Don’t I know you from somewhere?
The Moto X used to be the best phone you could get with a Motorola badge on the back, but since Lenovo took charge and introduced the mod-tactic Moto Z, the X has been all but abandoned.
That changed at IFA this week, when Moto revealed the X4 - a modern, mid-range twist on the old X formula, with hardware and design choices inspired by both the more expensive Moto Z, and the more wallet-friendly Moto G.
So is it the just-right porridge of Goldilocks’ dreams? Or does a few years away mean Lenovo has let the recipe go cold? Here’s what I think after a short play with the X4 at Berlin’s premier tech trade show.
DESIGN & BUILD: HEART OF GLASS
It feels like Moto has only just started embracing metal in its cheaper phones, but the X4 adds glass into the mix too. The whole back panel is one piece of 3D contoured glass, bonded into an aluminium frame. It looks seriously slick, and a step above what you’d normally find at this price.
Or at least it does before you pick it up - the glossy finish is a real fingerprint magnet. Be prepared to polish. A lot.
On the plus side, the whole thing is IP68 dust and water resistant. There aren’t many other sub-£400 phones that manage this, which could make it a good choice for action heroes or the accident prone.
Moto’s oversized camera module still sticks out the back of the phone, even though there are no Moto Mods to accommodate. It’s stylised to look a bit like a watch face here, with a textured finish all around the bezel. It’s subtle, and not nearly as much of a contrast as the Z2’s bulky setup.
The fingerprint sensor beneath the screen can double up as a one-button nav, replacing Android’s on-screen buttons for a series of swipes and taps - but it still takes some practice before you’ll be used to it.
SCREEN & SOUND: LOOKS FAMILIAR
What’s this? A modern Motorola phone with a 5.2in, 1080p LCD screen? Yeah, the X4 won’t win any prizes for originality.
It might pick up a few for picture quality, though - I thought I was looking at an AMOLED when I first picked up the phone. Colours are vibrant and contrast really is very good. You won’t notice the individual pixels with the panel stretched over 5.2in, and you won’t need giant hands to hold it comfortably either. Win win.
CAMERA: A DIFFERENT KIND OF DOUBLE VISION
You’d think the Moto X4 would follow the same camera setup as the Z2 Force, with a monochrome sensor backing up a main RGB snapper - but you’d be wrong.
Instead, you get a 12MP main camera with a regular field of view, and a second 8MP cam with a 120° wide-angle FOV. There’s a noticeable quality difference between the regular and wide FOV, a bit like there was on the LG G5 a few years ago.
You toggle between the two with a button on the side of the screen, although the distorted view is impossible to miss in wide-angle mode. Moto uses the two sensors together to create depth blur effects - something LG hasn’t tried with its dual cam setup. From what I saw, results can be mixed: sometimes your snaps look right, and other times you can tell the effect isn’t real.
I can’t speak for image quality just yet, but Moto usually punches above its weight at every price point, so hopefully that’ll be true here as well. I’ll find out when I get one in for a full review.
OS & SOFTWARE: HELLO MOTO
The X4 marks the first time Amazon’s AI assistant has come baked in to a Moto phone. No need to download an app - just teach her your voice through the Settings menus and she’ll be there whenever you shout for her.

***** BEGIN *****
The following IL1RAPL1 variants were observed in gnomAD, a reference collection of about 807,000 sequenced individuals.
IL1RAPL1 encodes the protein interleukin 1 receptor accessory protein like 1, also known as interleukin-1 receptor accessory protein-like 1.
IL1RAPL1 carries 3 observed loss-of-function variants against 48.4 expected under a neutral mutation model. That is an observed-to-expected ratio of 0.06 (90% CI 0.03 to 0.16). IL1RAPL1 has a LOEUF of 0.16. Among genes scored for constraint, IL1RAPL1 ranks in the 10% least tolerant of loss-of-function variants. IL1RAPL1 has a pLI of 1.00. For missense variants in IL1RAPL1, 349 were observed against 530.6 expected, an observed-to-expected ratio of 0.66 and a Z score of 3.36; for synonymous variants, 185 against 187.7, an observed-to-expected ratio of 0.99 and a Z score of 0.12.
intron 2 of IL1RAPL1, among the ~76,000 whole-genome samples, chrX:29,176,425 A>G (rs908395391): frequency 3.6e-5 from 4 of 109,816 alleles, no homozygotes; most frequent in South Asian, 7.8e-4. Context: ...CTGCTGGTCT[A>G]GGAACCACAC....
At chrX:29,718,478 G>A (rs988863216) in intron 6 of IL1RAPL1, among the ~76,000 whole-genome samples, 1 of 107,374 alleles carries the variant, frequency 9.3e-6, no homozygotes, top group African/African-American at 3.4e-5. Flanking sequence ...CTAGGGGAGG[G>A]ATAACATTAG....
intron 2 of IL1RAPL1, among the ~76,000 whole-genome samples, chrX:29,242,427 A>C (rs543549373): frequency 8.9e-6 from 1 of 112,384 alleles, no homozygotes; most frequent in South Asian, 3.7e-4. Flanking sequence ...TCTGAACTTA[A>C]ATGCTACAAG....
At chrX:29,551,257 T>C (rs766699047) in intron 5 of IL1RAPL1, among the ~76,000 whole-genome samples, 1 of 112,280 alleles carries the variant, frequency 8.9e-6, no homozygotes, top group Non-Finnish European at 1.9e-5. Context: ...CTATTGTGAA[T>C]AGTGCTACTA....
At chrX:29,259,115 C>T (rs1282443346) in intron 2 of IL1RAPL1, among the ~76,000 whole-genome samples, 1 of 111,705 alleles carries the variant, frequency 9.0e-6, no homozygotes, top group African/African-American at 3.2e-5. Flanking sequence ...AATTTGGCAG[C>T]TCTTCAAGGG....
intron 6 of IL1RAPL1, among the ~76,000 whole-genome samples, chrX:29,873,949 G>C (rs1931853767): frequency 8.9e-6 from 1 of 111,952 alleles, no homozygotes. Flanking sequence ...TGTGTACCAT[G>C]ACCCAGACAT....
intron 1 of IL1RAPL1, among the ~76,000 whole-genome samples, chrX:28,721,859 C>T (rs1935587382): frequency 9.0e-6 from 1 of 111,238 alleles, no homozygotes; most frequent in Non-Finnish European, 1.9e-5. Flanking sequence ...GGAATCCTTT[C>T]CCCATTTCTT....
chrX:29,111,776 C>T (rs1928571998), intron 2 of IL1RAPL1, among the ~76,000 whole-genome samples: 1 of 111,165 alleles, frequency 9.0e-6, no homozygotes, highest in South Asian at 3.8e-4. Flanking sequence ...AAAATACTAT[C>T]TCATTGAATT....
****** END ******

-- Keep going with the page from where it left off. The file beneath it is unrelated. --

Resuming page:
Alexa sits alongside Google Assistant and Motorola’s own Moto Voice, so you’ve got your choice of three virtual voices to run your life for you. They all work on trigger words, too, so you don’t have to hold a button or tap an icon to get started.
Motorola’s usual suite of small Android tweaks are here, of course., including Moto Display and Moto Actions for checking notifications without waking the main screen. Moto Key is new, letting you unlock a second device like a laptop with the fingerprint sensor.
The other addition, and something you won’t find anywhere else? Wireless Sound System, an option that lets you hook up five different Bluetooth devices at once. No more sharing headphones with your mates, basically.
PERFORMANCE & BATTERY: NO SURPRISES
The X4 isn’t going to break any benchmark records, but a Snapdragon 630 and 3GB of RAM (4GB if you’re in the right countries) make Android Nougat feel positively sprightly.
It’s a sensible pairing with the 1080p screen, where only more demanding games will drop frame rates. By not making pixel count a priority, battery life should be pretty decent too. The 3000mAh cell will probably survive a full day of use, but it can Turbo Charge over USB-C if you’re running short.
32GB of on-board storage is also par for the course in a mid-ranger right now, but at least you get a microSD card slot for adding more space later, should you find yourself short.
MOTO X4 INITIAL VERDICT
If you’re not keen on a modular Moto, the X4 looks like the ideal mid-ranger. It’s cheaper than the Moto Z2 Play, but brings a gorgeous glass build and waterproofing into the equation. OK, you can’t clamp fancy extra bits onto the back, but it’s probably a fair trade-off.
At £349 SIM-free, it also undercuts the mighty OnePlus 5 by a significant wedge of cash, too. Sure, you’re not getting crazy power here, but dual cameras and tricks like Alexa integration could still give it an edge. Moto’s distraction-free version of Android is as good as ever, and that Snapdragon CPU should mean decent battery life.
That’s all in theory, of course - I’ll have to wait until a full review to see if the Moto X can return as a mid-range champ, or if it’s more of a mid-range chump.